|We don't bite newbies here... much|
I've been working on a project involving Oracle and DBI. Today I ran into a problem.
Essentially, it comes down to this: should Perl cover for the mistakes of others?
Read the <BACKGROUND> section at the bottom if you want the nitty-gritty.
Today I found what the DBA's and I believe to be a bug with Oracle. I was able to work around it easily using merlyn's highlander solution, but I also installed a command-line switch so that the people in the future can turn it off. I don't think Perl should be relied on to account for an Oracle bug. What's crazy is, most of the team didn't seem interested in whether or not it was an Oracle bug. "Just fix it!!"
The irony is that, with me being a Perl guy, you would think I would rush to find a Perl solution, and that the Oracle guys would rush to find an Oracle solution. Here, it was the opposite. I was the lone voice in the room, urging that the matter be taken up with Oracle. And since the Perl solution was already in place and working, they couldn't accuse me of laziness. I just want the Right Tool to fix the Right Problem. Or maybe just the Same Tool to fix Its Own Problem.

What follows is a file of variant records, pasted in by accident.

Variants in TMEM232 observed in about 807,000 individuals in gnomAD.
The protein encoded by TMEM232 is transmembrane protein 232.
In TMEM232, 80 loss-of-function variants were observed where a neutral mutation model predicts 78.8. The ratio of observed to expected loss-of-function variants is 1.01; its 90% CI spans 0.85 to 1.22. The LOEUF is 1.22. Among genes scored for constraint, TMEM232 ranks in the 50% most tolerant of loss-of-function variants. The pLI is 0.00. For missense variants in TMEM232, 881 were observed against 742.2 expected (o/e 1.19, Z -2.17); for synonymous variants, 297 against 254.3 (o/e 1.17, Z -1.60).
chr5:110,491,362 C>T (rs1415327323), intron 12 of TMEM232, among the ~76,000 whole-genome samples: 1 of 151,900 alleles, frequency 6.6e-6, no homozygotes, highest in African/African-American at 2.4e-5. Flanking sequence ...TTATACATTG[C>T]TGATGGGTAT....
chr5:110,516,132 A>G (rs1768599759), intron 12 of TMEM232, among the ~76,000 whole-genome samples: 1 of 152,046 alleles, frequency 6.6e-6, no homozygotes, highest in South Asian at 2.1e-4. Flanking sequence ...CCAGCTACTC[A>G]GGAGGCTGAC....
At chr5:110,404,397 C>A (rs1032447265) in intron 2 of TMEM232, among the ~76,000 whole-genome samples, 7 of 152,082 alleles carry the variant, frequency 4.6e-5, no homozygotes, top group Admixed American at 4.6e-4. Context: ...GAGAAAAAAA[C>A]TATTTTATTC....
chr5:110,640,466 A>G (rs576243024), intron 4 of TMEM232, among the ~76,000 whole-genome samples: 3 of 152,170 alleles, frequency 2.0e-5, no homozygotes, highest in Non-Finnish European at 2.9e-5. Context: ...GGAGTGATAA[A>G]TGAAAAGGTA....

There seems to be a problem with Oracle's (relatively) new EXCHANGE PARTITION feature. This feature allows a partitioned table to exchange one of its partitions with another table, like rerouting a pointer. This means that you can construct (in a temporary table on a separate machine) the data you want to use in the production database, and then swap it into the production database with nearly zero performance degradation. It's a cool feature.
So, we have a table partitioned into a bunch of sections, all of which we want to work on simultaneously. We use Perl to do all the manipulation.
There are multiple fork()ed processes that run a series of steps to manipulate the temporary tables, all eventually leading to the EXCHANGE command. The problem is this: when two tables are ready for the EXCHANGE at the same time, Oracle freezes more often than not.
Looking into the internals, it appears that the EXCHANGE locks the entire table for one exchange, at the same time as the other is trying to get one only on the partition. It's an exclusive, blocking lock, which requires the DBA person to kill the entire process if nothing happens. What I can't figure out is, why doesn't it do the exchange after it gets the lock? It just does nothing. We couldn't even execute a SELECT or DESCribe. One DBA believed it to be a bug with Oracle, and one that probably won't be fixed soon. It seems to me that any time this happens to a database, where no queries are possible, and no error is returned, it's safe to say it's something Oracle should look at.
I'm not much of a DBA, so if anyone has worked with this problem before and knows something about it, /msg me! Thanks merlyn for the highlander solution!